Farewell to outrage: a story collection from John Edgar Wideman.
Look for Me and I’ll Be Gone, by John Edgar Wideman, Scribner,
318 pages, $26
• • •
My daddy commissary made it to commas
Though you are a pro and sing for a living, do you still sing to yourself.
—John Edgar Wideman
Slave Lives Matter
In the correctional-facility visiting room where our narrator is meeting with his incarcerated brother, who is serving a life sentence, he has made sure to bring plenty of coins for the commissary-style vending machine, so that he can buy his brother some ready-made meals that drop down from the clawed cylinders of the machine into the abysmal hunger. He heats them up with the soft radiation of a microwave, and his brother eats appreciatively while they speak through the bulletproof plexiglass of doom and communion. Guards peer in on them periodically, reminding everyone that this is not a reunion but a long, wide-awake funeral. Trickster myself, but not beyond being tricked, the narrator concedes later. Hallucinating roads to abolition will not free us, his tone suggests. Abandoning the dream of abolition for the unapologetic reality of here-and-now might.
Look for Me and I’ll Be Gone, a short-story collection that draws fluidly from his personal life, is John Edgar Wideman’s extended farewell to outrage, though he’s never been given to gratuitous or reductive displays of that outre rage, as he renames it here. In its place, throughout Look for Me he beckons reconciliations with lost lovers, friends, children, siblings, would-be associates, and ruins and histories and futures. The book’s style is so deceptively modest it stares you down and waits for you to realize it’s cut your heart out while you coasted along on the calm surface of the syntax into a seething indictment of every aspect of society. Wideman’s is the most effective kind of indictment because he does not deploy oversimplified abstractions or blame nameless structural demons for the wrongs of the world. He offers himself and all that he loves as the evidence of things not seen but felt and suffered and overcome. He lets us into his prison, his “death row,” his lifelong trial, and the bleak turmoil of each anticlimactic verdict.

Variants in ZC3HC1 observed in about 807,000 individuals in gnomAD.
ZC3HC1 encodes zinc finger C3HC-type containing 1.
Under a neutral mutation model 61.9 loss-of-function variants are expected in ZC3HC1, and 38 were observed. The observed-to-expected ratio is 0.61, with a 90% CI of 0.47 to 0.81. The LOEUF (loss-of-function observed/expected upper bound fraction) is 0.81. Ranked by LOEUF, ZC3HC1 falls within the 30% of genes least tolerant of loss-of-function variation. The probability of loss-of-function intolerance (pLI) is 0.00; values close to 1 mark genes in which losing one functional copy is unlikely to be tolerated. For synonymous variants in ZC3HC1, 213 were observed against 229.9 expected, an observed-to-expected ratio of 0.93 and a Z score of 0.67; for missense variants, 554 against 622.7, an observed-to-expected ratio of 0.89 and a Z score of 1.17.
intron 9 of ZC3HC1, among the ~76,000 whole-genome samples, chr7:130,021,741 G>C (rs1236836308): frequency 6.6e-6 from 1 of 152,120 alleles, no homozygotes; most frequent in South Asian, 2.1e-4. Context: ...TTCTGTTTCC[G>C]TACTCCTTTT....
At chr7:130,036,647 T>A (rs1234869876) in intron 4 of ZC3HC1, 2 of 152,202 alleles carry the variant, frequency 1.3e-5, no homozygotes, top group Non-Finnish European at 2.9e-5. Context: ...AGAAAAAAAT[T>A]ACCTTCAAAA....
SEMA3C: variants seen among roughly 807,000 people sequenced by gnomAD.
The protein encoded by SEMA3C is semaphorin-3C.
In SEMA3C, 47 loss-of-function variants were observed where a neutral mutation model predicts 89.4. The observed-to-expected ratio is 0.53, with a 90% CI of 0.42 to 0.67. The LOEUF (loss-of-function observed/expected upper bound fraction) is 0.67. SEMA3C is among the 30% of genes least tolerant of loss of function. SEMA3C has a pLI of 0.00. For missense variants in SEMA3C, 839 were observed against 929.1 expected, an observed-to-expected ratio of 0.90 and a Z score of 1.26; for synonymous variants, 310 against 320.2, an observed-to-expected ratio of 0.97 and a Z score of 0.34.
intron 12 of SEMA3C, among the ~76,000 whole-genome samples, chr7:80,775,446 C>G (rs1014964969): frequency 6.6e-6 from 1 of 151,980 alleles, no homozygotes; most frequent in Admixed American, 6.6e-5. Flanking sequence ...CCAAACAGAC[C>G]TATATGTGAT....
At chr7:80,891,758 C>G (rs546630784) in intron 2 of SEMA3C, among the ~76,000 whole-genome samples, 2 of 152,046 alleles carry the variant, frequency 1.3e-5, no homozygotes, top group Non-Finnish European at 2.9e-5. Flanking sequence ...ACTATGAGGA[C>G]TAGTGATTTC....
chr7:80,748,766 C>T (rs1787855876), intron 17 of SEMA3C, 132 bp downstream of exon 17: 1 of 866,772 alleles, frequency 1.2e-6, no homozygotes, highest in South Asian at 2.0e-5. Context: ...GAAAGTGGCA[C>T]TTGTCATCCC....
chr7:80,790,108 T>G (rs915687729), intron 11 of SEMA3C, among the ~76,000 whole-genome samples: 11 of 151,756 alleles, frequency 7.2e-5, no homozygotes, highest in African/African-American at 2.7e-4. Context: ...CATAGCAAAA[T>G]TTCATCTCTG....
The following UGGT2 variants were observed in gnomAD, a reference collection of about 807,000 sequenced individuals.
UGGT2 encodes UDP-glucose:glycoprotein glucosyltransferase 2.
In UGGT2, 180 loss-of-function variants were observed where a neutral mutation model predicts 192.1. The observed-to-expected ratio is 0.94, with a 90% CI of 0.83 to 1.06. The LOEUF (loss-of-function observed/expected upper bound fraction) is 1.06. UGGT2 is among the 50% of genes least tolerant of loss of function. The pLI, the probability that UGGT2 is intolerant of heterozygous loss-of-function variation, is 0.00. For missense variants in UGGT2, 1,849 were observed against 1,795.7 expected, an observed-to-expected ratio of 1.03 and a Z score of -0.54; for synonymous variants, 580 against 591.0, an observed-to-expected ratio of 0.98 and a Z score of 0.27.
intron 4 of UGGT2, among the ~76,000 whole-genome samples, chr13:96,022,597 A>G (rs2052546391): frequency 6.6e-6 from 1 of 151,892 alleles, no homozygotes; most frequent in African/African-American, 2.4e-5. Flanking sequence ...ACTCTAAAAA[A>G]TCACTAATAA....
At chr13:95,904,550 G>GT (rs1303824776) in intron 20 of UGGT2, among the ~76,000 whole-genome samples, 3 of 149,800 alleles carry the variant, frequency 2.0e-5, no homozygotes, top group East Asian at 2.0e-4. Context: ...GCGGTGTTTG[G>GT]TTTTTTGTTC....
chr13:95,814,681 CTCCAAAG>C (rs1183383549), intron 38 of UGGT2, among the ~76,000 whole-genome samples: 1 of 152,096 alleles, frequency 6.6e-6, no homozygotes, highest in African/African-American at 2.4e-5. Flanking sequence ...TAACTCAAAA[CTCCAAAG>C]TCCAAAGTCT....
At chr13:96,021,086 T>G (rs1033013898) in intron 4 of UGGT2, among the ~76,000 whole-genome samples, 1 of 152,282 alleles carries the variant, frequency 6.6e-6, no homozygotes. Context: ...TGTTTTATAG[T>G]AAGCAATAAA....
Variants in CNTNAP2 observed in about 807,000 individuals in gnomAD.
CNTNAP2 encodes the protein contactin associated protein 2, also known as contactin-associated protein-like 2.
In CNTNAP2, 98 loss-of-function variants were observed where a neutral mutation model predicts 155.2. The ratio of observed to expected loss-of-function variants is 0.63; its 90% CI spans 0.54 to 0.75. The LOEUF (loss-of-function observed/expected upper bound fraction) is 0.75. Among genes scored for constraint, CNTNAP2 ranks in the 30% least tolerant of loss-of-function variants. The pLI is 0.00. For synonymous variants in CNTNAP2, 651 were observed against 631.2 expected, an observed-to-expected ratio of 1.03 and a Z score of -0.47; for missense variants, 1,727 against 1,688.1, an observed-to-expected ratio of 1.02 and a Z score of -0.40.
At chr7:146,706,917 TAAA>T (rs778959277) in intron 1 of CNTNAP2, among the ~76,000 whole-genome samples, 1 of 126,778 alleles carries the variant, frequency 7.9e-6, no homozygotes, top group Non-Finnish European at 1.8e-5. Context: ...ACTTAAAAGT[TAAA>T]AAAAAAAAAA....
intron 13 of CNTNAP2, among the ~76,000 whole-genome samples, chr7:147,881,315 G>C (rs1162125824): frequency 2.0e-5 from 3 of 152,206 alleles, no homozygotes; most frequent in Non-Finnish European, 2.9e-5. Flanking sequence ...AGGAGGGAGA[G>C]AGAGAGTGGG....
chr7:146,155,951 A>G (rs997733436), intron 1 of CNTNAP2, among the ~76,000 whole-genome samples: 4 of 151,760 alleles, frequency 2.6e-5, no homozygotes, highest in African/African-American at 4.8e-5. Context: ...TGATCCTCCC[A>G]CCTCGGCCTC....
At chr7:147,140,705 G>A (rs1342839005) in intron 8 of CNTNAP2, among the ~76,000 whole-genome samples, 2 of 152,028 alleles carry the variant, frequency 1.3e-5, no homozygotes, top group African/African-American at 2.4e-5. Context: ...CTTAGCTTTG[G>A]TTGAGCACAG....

Tilting with Shadows